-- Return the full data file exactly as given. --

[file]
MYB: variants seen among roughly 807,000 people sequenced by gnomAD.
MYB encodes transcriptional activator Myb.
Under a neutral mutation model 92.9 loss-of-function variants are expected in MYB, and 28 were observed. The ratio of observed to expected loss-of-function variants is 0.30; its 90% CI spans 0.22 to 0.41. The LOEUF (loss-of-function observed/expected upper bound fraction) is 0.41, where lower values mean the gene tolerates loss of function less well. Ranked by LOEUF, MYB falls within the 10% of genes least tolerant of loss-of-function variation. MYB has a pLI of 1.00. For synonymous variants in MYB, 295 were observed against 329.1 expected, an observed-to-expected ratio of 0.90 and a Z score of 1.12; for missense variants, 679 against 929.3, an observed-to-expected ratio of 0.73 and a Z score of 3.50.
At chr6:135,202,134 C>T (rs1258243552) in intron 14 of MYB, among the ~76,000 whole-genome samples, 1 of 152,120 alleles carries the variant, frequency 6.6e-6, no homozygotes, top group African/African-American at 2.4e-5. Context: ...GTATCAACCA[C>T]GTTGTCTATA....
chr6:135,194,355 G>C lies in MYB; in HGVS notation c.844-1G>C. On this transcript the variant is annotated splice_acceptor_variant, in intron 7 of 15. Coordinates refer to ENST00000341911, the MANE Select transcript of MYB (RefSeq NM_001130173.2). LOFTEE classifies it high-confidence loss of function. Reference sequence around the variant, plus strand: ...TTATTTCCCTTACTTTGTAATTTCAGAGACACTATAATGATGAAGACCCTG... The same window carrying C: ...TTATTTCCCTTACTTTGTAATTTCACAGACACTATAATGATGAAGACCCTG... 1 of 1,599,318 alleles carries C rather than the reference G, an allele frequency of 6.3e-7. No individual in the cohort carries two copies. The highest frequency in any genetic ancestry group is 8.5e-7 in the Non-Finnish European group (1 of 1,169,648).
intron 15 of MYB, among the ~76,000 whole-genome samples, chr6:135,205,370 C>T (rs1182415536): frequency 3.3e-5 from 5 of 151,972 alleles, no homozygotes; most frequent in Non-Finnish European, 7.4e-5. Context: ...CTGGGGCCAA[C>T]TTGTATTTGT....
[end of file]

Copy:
MYB: variants seen among roughly 807,000 people sequenced by gnomAD.
MYB encodes transcriptional activator Myb.
Under a neutral mutation model 92.9 loss-of-function variants are expected in MYB, and 28 were observed. The ratio of observed to expected loss-of-function variants is 0.30; its 90% CI spans 0.22 to 0.41. The LOEUF (loss-of-function observed/expected upper bound fraction) is 0.41, where lower values mean the gene tolerates loss of function less well. Ranked by LOEUF, MYB falls within the 10% of genes least tolerant of loss-of-function variation. MYB has a pLI of 1.00. For synonymous variants in MYB, 295 were observed against 329.1 expected, an observed-to-expected ratio of 0.90 and a Z score of 1.12; for missense variants, 679 against 929.3, an observed-to-expected ratio of 0.73 and a Z score of 3.50.
At chr6:135,202,134 C>T (rs1258243552) in intron 14 of MYB, among the ~76,000 whole-genome samples, 1 of 152,120 alleles carries the variant, frequency 6.6e-6, no homozygotes, top group African/African-American at 2.4e-5. Context: ...GTATCAACCA[C>T]GTTGTCTATA....
chr6:135,194,355 G>C lies in MYB; in HGVS notation c.844-1G>C. On this transcript the variant is annotated splice_acceptor_variant, in intron 7 of 15. Coordinates refer to ENST00000341911, the MANE Select transcript of MYB (RefSeq NM_001130173.2). LOFTEE classifies it high-confidence loss of function. Reference sequence around the variant, plus strand: ...TTATTTCCCTTACTTTGTAATTTCAGAGACACTATAATGATGAAGACCCTG... The same window carrying C: ...TTATTTCCCTTACTTTGTAATTTCACAGACACTATAATGATGAAGACCCTG... 1 of 1,599,318 alleles carries C rather than the reference G, an allele frequency of 6.3e-7. No individual in the cohort carries two copies. The highest frequency in any genetic ancestry group is 8.5e-7 in the Non-Finnish European group (1 of 1,169,648).
intron 15 of MYB, among the ~76,000 whole-genome samples, chr6:135,205,370 C>T (rs1182415536): frequency 3.3e-5 from 5 of 151,972 alleles, no homozygotes; most frequent in Non-Finnish European, 7.4e-5. Context: ...CTGGGGCCAA[C>T]TTGTATTTGT....